How to Perform Page Navigation in Your Windows Phone Application


In a multi-page application, it is important to wire up the
pages so that you can easily navigate from one page to another. If you have
developed Silverlight
applications previously, you will notice that the navigation mechanism is very
similar to Silverlight applications. If you haven’t developed Silverlight or
Windows Phone applications previously, this article will walk you through how
to perform page navigation in your Windows Phone application.

To get started, let us get hands-on and fire up Visual Studio.


Create a new Silverlight For Windows Phone application in
Visual Studio called “WinPhone7NavigationDemo”.

Create a couple of pages, called “SecondPage” and
“ThirdPage”. To add a new page in Visual Studio, right-click on the project and
select Add new Item.

Add a new page in Visual Studio
Figure 1: Add a new page in Visual Studio

Select Windows Phone Portrait Page and type in the name.

Now on MainPage, add a couple of buttons and a TextBox.

Visual Studio Main Page: Add buttons and textbox
Figure 2: Visual Studio Main Page: Add buttons and textbox

On the SecondPage, add a couple of buttons

Visual Studio Second Page:B  Add a couple of buttons
Figure 3: Visual Studio Second Page:B Add a couple of buttons

On the ThirdPage, add a TextBlock (with wrapping property set
to true) and a button.

On the Click Event for the “Simple Navigation” button on
MainPage, add the following code.

private void button1_Click(object sender, RoutedEventArgs e)
    NavigationService.Navigate(new Uri("/SecondPage.xaml"UriKind.RelativeOrAbsolute));

Notice the use of NavigationService.Navigate function to
move the application context from MainPage to the Second Page. Also notice that
the argument passed to the function includes the destination, as well as whether
the URL is relative or absolute.

On the SecondPage, add an event for the click event on the
“Return to Main Page” button.

private void button1_Click(object sender, RoutedEventArgs e)


Here, we use the GoBack() function to go back to the
previous page. This is similar to the “Back button” on Windows Phone devices.

To pass parameters between pages, you will need to pass in
the argument with the “?msg=” appended to the destination.

For example, let us write an event on the second button on
MainPage, which takes in the argument from the textbox.

private void button2_Click(object sender, RoutedEventArgs e)
            NavigationService.Navigate(new Uri("/ThirdPage.xaml?msg=" + textBox1.Text, UriKind.Relative));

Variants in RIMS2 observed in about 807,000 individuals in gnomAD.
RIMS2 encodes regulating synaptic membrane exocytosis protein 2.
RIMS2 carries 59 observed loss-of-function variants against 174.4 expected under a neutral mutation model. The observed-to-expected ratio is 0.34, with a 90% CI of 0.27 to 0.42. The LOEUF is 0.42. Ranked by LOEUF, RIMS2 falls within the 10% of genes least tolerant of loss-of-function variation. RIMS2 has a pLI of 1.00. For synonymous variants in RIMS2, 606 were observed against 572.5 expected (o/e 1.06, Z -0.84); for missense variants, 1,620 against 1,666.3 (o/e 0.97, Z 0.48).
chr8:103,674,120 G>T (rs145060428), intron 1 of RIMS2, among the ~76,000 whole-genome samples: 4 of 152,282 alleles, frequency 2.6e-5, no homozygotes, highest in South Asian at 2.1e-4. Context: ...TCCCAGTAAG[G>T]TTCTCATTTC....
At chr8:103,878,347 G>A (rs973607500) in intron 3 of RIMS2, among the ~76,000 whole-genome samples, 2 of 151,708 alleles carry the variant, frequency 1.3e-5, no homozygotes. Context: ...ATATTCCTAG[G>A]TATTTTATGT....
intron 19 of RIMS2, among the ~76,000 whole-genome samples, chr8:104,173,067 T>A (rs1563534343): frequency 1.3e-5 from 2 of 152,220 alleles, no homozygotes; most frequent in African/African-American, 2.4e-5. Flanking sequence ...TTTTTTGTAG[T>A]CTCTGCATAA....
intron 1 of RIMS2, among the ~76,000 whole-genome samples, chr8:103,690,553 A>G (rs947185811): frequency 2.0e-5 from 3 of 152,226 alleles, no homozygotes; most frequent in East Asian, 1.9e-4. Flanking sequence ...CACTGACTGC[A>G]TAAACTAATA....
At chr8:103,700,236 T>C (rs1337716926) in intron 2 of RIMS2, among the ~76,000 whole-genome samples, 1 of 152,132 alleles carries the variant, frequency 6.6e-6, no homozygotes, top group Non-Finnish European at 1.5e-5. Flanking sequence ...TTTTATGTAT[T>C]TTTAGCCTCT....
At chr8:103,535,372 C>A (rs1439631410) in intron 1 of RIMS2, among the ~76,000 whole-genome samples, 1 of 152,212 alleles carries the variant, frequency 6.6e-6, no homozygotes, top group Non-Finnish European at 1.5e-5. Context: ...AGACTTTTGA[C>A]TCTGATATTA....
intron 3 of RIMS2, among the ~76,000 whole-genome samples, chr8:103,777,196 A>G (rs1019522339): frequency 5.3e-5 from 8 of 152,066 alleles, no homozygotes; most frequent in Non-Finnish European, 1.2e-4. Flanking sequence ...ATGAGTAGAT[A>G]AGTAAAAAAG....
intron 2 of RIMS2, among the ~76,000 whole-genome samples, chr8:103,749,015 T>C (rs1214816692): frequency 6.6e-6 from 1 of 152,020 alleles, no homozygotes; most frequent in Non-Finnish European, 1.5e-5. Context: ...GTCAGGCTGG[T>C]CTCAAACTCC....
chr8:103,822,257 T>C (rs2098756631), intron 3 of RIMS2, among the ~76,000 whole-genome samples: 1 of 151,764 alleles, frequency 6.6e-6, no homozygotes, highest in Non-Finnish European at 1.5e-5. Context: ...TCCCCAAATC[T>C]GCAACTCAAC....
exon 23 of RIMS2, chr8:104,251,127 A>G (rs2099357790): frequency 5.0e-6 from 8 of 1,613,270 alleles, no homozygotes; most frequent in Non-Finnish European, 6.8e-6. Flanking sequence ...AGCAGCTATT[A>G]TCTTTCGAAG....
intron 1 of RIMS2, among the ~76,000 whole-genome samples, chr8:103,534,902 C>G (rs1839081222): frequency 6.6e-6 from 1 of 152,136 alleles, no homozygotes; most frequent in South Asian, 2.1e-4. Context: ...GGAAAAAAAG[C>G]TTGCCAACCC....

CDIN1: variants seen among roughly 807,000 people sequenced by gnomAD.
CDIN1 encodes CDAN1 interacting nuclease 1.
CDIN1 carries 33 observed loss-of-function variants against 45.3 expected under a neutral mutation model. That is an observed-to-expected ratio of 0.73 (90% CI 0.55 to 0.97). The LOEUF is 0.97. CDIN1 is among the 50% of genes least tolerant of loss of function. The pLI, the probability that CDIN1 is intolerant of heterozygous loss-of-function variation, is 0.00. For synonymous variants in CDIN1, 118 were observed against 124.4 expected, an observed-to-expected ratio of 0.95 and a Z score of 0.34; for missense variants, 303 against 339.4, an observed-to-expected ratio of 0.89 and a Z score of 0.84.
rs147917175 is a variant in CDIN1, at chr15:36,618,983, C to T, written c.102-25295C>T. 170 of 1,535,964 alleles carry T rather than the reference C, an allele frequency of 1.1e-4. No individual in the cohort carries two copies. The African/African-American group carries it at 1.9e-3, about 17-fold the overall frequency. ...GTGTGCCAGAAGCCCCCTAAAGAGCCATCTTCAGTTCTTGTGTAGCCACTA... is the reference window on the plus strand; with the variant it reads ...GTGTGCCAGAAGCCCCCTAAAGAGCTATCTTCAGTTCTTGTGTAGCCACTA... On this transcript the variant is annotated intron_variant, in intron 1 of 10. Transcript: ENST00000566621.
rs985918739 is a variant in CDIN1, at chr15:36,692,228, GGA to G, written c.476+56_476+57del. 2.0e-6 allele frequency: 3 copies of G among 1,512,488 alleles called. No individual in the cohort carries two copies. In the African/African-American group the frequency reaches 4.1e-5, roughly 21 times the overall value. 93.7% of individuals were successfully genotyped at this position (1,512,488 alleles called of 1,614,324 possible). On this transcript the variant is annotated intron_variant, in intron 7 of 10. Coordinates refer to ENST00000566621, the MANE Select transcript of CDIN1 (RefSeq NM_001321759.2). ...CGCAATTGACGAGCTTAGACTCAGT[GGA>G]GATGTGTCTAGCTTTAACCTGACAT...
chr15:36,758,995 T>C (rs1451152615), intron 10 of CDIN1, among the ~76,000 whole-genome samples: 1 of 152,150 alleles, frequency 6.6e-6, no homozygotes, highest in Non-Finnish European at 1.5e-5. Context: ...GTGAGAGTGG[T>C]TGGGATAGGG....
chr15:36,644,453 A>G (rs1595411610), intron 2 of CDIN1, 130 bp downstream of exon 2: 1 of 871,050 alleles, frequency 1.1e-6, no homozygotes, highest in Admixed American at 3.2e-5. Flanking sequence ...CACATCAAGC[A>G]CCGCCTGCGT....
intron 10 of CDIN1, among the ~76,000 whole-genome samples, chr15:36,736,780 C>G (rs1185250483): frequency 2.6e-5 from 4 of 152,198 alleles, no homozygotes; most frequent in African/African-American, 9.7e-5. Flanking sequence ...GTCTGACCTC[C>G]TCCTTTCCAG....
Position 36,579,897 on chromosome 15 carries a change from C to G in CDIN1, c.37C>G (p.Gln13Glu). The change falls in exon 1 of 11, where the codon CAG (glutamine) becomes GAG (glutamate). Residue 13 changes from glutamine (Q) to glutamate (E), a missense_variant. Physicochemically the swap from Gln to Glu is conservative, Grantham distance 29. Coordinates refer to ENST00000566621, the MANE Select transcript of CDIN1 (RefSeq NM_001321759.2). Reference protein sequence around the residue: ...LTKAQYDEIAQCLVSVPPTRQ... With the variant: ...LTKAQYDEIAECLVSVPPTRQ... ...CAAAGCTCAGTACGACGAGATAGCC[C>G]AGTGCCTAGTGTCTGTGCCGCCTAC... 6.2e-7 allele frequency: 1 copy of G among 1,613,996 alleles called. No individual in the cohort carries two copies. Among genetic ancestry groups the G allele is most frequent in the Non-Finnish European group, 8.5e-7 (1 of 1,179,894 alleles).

Notice that we are now passing in additional arguments to
the destination but using the same API.

On the ThirdPage, let us code up to capture this additional

Add an override for the OnNavigatedTo event In

protected override void OnNavigatedTo(System.Windows.Navigation.NavigationEventArgs e)
            string msg = ""; 

            if (NavigationContext.QueryString.TryGetValue("msg", out msg))
                textBlock1.Text = "The page was loaded with the following argument(s) passed to it." + msg;
             }            else
                textBlock1.Text = "The page was loaded without any arguments passed to it.";

What we have done here is overrode the OnNavigatedTo event.
In the override, we check if the QueryString on the NavigationContext had a
valid value for “msg”. If it did, we display the argument passed, if not ,we
display that the page was loaded without any arguments passed.

Now, press F5 to start debugging your application.

Notice that when you click the “Simple Navigation” button on
MainPage, you are transported to the Second Page. Here, you can click “GO back
to Main Page” and you will come back to the Main Page.

Now, let us try passing arguments to the destination Page.

On MainPage, type some text in the textbox and click
“Navigate passing arguments”. You will notice that the application traverses to
the ThirdPage and a textblock is displayed stating that an argument was passed
to the page.

If you have trouble following the walk-through, you can
download the attached code snippets and debug the application in Visual Studio.


In this article, we learned how to perform simple navigation
as well as passing arguments while navigating. I hope you have found this
information useful while designing your Windows Phone applications.

About the author

Vipul Patel is a Software Engineer currently working at
Microsoft Corporation. He is currently working in the Office Communications
Group and has worked in the .NET team earlier in the Base Class libraries and
the Debugging and Profiling team. He can be reached at
[email protected]

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